Screen shot 2014-03-28 at 06.57.05Henry de Zoete is the Co-Founder of ThisIsTheBigDeal.Com and former special advisor to Michael Gove.

Britain’s regulators this week confirmed what everyone else already knew: the energy market is broken. The Competition and Markets Authority will now set about finding long term solutions to the industry’s most pressing problems. And until their proposals take effect some time after 2016, we will all keep getting ripped off.

But as Ofgem threatened to send Britain’s energy market to the daddy of regulators, SSE tried to pre-empt a PR spanking with a promise to be very well behaved. They announced a two year price freeze. This was welcomed as A Good Thing by all political parties, and especially Ed Miliband. The Labour leader applauded SSE for making part of his vision for Britain come true.

However, that wasn’t all SSE announced. They also revealed how they would pay for this price freeze. The energy giant is bringing down the axe on 500 jobs and abandoning £20bn of proposed investment. Hardly positive news. So the political leaders’ rapturous ovation for SSE yesterday should be seen as something of a PR coup for the Perthshire titan.

When all is said and done, all SSE gave us was another fixed price tariff.
 And what kind of price are we talking about? A price level that saw 250,000 exasperated customers abandon SSE in 2013 because they’d had enough of the hikes. Since 2005, energy companies have doubled the average British dual fuel bill. In the last four years, they quadrupled their profits from supplying British homes.

That same year, despite haemorrhaging customers, SSE actually increased its profits by £1.5m. The interests of energy companies and consumers are plainly not well-aligned.
 Consumers are happiest when companies do battle for their custom. Yet competition in the energy market does not resemble an all-out scrap so much as a siblings’ playfight. Three of the Big Six energy companies have almost the exact same market share in gas in 2012 as they did in 2007, with npower, e.On and SSE on 12 per cent, 13 per cent and 15 per cent respectively.

Electricity tells a similar story, with EDF and Scottish Power rock solid at 13 per cent and 12 per cent each, and British Gas only going from 25 per cent to 22 per cent between 2007 and 20012. Those five years of supposed free market free-for-all could not reduce the Big Six’s market share in either gas or electricity below 95 per cent.

When presented with the dead parrot of energy market competition, companies protest that switching shows it is alive and well. But switching has done very little to change the structure of the energy market. In truth, 2013 saw the second lowest number of annual switches since records began. And if it weren’t for that a bumper November (when 600,000 customers reacted to yet another round of price hikes by deciding enough was enough) last year would have marked a new low for Britain’s annual switches.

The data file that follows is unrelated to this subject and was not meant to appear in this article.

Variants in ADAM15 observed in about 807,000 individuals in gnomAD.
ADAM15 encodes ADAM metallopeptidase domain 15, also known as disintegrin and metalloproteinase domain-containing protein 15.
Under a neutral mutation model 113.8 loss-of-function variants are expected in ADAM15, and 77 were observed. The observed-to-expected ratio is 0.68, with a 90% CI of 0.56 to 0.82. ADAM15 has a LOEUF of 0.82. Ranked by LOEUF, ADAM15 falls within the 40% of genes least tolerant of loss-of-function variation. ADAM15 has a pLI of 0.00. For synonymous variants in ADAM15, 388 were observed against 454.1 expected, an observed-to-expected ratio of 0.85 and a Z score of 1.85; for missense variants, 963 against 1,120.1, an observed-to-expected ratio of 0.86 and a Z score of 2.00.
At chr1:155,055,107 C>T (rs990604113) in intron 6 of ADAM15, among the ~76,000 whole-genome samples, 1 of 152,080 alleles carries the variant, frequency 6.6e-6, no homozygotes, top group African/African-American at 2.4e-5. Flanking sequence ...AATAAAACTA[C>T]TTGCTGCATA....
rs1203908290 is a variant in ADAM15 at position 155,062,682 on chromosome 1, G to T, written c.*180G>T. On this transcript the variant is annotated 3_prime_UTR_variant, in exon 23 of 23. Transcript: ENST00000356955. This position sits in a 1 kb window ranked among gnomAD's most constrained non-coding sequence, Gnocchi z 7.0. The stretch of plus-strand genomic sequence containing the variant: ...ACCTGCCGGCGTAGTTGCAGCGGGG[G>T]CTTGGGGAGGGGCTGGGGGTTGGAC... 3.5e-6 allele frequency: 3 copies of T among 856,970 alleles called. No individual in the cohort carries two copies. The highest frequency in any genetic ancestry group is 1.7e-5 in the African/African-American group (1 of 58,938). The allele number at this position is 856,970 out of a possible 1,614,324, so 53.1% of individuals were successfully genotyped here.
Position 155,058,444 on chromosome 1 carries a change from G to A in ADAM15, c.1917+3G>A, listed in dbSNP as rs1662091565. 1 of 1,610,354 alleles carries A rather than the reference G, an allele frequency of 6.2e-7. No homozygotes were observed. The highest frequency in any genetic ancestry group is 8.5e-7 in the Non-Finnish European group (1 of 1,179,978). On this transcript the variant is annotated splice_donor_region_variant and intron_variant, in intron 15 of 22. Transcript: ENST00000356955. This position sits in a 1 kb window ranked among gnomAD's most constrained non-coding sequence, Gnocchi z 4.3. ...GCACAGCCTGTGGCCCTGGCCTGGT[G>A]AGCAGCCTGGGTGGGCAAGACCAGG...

The tragedy is that switching does have the potential to transform the energy industry. But switching as it currently stands does not do the job. The question is why? One reason was the proliferation of tariffs. Until this year, energy companies could release a new tariff every day of the week. This blizzard of offers blinded consumers, who could only rely on price-comparison networks for guidance. Those price-comparison sites did very well from the utter confusion of the average British billpayer.

To their credit, Ofgem have simplified matters with their Retail Market Review. Now energy companies can offer a maximum of four tariffs for each fuel. Only under one circumstance can they create a new tariff, and that is for a ‘collective switch’. And collective switching can address the other main issue that prevents people switching. At present, no one customer feels that they, or their switch, can make a difference.

Together however, we are a big deal. That’s why we set up The Big Deal (geddit?).
 By bargaining together, people can get a better deal for themselves and save the energy industry in the process. Because when big group of people demands a better deal together, that looks like an attractive commercial proposition. And when energy companies bid for their custom, that looks a lot like competition.

We don’t need a two year investigation to make that happen. We, Britain’s billpayers, can do it now.
 The technological forces behind The Big Deal are irresistible. The internet makes it easy to join communities and derive value from their membership, even if you never meet your fellow members. Britons are using our website to form a community whose collective bargaining power brings them maximum savings with minimum hassle.
In this way, people power can fix the energy market quicker than politicians. And that will probably resonate across the political divides. For some we are the Billpayers’ Alliance. For others, the Consumer Union. For most people however, we are just a brutally simple solution to an unbearably frustrating problem.